As I said before, I like to learn a new programming language every year. I also like to read at least 6 computing-related books every year, but the article about those 6 will come later.

The reason for these two rules is twofold: first, it gives me lots of material to blog about, and helps me refine my list of preferred languages :) secondly, and more seriously, learning a new programming language makes you think differently about problems. It’s not just something to keep my CV updated; it’s to challenge what I know, how I know it, and why I know it. It is important, and it’s not easy; and I’m not the only one to do it.

From all the candidates that I had for this year, I chose to learn Erlang. Here’s some of my impressions.

Erlang is a functional programming language, created by Joe Armstrong (photo) at Ericsson in the 80s. The name of the language is a pun between the name of the Danish mathematician Agner Krarup Erlang and the acronym “ERicsson’s LANGuage”. By the way, lots of things are coming from Denmark lately.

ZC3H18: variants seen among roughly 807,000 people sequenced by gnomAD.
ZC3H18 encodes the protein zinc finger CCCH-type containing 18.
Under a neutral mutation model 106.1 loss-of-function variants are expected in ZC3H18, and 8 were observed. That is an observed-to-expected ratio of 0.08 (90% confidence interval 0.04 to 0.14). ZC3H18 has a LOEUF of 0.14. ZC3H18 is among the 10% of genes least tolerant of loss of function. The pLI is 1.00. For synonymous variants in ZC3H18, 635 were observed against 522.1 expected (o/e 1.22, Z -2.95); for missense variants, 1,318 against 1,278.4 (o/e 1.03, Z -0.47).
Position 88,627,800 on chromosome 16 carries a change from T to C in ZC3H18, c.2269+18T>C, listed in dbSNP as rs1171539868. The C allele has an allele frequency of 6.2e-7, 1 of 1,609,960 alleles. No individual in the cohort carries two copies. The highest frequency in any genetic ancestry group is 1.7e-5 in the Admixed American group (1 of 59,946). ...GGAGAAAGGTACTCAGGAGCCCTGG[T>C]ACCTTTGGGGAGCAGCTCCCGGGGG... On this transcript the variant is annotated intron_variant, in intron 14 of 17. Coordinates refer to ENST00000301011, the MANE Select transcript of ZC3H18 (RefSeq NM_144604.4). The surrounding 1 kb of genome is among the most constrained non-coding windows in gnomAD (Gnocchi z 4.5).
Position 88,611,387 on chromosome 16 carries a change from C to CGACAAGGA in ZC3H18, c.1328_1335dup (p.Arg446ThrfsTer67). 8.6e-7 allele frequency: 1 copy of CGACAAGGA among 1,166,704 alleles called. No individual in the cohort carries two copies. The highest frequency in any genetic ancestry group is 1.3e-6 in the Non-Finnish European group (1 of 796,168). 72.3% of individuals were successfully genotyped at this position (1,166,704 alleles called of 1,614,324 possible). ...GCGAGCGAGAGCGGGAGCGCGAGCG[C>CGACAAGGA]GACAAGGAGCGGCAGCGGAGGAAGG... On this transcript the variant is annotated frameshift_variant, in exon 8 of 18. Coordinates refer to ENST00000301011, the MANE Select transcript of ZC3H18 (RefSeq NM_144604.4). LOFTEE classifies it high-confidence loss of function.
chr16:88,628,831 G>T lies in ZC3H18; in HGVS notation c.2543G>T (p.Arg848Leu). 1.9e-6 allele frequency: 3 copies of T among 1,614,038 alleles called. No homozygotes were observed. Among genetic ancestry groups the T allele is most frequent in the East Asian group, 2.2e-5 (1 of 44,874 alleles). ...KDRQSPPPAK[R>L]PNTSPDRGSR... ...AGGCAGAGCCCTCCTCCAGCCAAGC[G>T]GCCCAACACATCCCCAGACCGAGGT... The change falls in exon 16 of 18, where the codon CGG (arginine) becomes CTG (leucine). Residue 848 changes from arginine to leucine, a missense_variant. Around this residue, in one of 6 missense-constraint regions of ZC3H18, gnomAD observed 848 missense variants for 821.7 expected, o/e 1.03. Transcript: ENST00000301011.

The main factor that made me jump on this wagon was that the language got a lot of attention, both in 2006 and 2007. The peak of all this buzz was a couple of days ago, when Amazon unveiled a new online service called SimpleDB, apparently built with Erlang. The reason for this is Erlang’s inherent capability to handle massively parallel programming relatively easily. In Erlang you can create lightweight processes, each sending messages to the others, and thus divide your problems in small units that run concurrently.

Even more buzz, the release of the Pragmatic Programmer’s book about Erlang (written by Joe Armstrong himself) has added a strong factor to the recent popularity of the language.


How to start with Erlang?

  1. Get it working on Leopard using MacPorts;
  2. Activate the Erlang language support in TextMate;
  3. Follow a quick tutorial to get the idea;
  4. Check out the Yaws web server build on Erlang, apparently much, much stronger than Apache under high load!;
  5. Download, install and play with ErlyWeb, an MVC framework similar to Rails;

More interesting reading (and viewing) about the language:

My link list about Erlang will keep growing… subscribe to the RSS feed to get updated of new entries on your favorite reader.

In spite of some opinions that I have seen about Erlang so far (please check a question I’ve asked at LinkedIn about it), I have found this language extremely interesting; and at the moment, my list of known programming languages goes like this: